To actually do the installation:

  • Unmount the USB stick from the Windows (or Linux if you chose that route) machine and plug it into one of the ports of the Mini. If you used an external HDD (or another stick) to store the .iso, plug that in, too.
  • Power up the Mini, pressing 0 at the boot splash screen.
  • Select the first option to boot from USB.
  • The FC9 installer GRUB menu will appear. Select the third option: Install or upgrade an existing system. The FC9 installer boot should begin.
  • If the ethernet isn’t disabled, the installer boot will crash or hang. If this happens, double-check you’ve disabled the ethernet support in the BIOS.
  • If all goes well, you’ll be greeted with the blue installer screen and the Select a Language box. Choose your preferred language and keyboard type.
  • At the Installation Method screen, select Hard Drive. A list of disks will be presented; all attached USB drives being shown. Select the drive with the .iso in the root folder. You can actually just select one after the other until it works as it won’t begin installation until it find the .iso.
  • Once the .iso is found, the process is just like any other Linux install (keeping in mind you still don’t have ethernet enabled).
  • Once finished, boot into your almost functional FC9 install on the Mini.

Re-enabling ethernet

If you just re-enable the ethernet after the install, the boot will fail (just like the installer boot would fail). Thanks to JonRob’s tips, I found that updating the kernel to the latest will fix everything (since the Atom board network adapters are supported in the latest builds). To do this without an ethernet connection to the Mini is a little trickier than just using yum, say.

  • On your other machine, download the latest FC9 kernel from Koji: HERE. I chose the latest FC9 kernel build at the time: kernel- In the page for the particular kernel, download the RPM package under the i386 heading. e.g. I chose: kernel-
  • You’ll should also download the latest iwl4965-firmware package from Koji. I used this one. (Found on this package list).
  • Copy the downloaded FC9 kernel and iwl4965-firmware .rpm files to the desktop of the new FC9 install on the Mini.
  • Before you install the new kernel there is a conflict between firmware installed by default with vanilla FC9 and the latest kernel (thanks to this forum post for instructions on how to fix it). First, check that the incorrect firmware is installed. Bring up a terminal and type:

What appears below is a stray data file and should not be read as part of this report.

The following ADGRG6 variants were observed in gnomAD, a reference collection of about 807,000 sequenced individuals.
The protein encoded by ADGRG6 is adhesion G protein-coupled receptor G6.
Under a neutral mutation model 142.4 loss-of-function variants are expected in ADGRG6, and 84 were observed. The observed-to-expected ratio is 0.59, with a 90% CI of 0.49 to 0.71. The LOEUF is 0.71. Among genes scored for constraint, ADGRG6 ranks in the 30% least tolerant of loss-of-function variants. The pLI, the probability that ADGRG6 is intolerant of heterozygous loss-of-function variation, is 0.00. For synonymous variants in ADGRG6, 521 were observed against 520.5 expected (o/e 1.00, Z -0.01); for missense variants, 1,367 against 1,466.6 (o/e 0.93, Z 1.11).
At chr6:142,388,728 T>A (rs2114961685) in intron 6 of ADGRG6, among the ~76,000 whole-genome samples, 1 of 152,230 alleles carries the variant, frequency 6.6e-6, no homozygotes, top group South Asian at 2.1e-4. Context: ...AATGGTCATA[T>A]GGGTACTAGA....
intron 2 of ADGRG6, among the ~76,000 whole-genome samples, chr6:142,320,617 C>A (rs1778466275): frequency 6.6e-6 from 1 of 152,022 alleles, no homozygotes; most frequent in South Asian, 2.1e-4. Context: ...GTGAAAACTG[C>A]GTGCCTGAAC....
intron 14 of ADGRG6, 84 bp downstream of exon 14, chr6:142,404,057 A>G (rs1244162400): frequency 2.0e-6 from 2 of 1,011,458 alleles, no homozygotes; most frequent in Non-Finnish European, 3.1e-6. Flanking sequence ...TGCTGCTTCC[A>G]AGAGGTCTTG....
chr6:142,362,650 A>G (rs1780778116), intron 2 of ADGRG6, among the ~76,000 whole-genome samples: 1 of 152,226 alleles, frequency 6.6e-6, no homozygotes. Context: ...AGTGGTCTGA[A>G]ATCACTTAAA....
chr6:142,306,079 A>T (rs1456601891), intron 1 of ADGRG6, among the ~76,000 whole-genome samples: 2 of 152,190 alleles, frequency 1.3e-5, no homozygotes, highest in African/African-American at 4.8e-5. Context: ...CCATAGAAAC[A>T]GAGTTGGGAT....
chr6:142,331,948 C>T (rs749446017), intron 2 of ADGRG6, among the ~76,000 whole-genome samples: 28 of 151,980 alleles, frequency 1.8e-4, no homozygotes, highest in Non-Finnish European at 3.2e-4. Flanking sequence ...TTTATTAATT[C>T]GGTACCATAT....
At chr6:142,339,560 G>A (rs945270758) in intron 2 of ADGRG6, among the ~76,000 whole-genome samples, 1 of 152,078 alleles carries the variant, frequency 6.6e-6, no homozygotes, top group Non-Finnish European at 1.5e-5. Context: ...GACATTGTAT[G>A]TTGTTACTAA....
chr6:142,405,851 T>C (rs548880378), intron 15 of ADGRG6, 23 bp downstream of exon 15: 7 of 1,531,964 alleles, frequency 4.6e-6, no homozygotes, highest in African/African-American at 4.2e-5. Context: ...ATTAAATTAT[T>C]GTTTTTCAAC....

rpm -q iwl4965-firmware

  • The output should be:


  • Remove this package via:

rpm -e iwl4965-firmware-

  • Install the new package, if desired (you can probably safely leave it removed since the Dell Mini doesn’t care much for it):

rpm -Uhv iwl4965-firmware-

  • Now install the new FC9 kernel:

rpm -Uhv kernel-

  • The install may take a little while (a few minutes, max). Once completed, reboot the Mini.
  • Press 2 on boot again to access the BIOS setup.
  • Enable the On Board Lan Support option again.
  • Exit Saving Changes
  • Boot into your new FC9 install on the Dell Inspiron Mini 9! πŸ˜€

From here you can plug in your LAN cable and update to your heart’s content. I found that updates took a veeery long time to install. I suppose there were a lot of updates but I think it’s a bit to do with the SSD drive and burst writing… not sure. Nonetheless, it works! Once updated, the response of the system is good.

I haven’t as yet got the wireless working but I’m not fussed about that yet. The card that comes with the Mini is a Broadcom jobby – YUUUCK! Broadcom have a reputation of being difficult with Linux buffs. I hate their wireless cards, having tried to use the one that was in my old Asus A6k. Like JonRob, I too have ordered an Intel 3945ABG Mini PCI-E wireless adapter card from ebay for nix. e.g. one for ~US$30, inc. p&h.Β  Once I’ve installed this (two weeks time – thanks to delayed delivery due to a Chinese public holiday-week), wireless should be a breeze.

I’ll post updates on my experiences with this distro soon.

Hope this guide was helpful πŸ™‚


P.S. Of course, Fedora Core 10 will be out soon ~ 5 Dec. (I think) and it should have full support by default, making some of the aforementioned bugs disappear. I definitely look forward to the release.

EDIT: See part 2 here. You might also find other posts under “computing” (on the toolbar to the right) useful, too.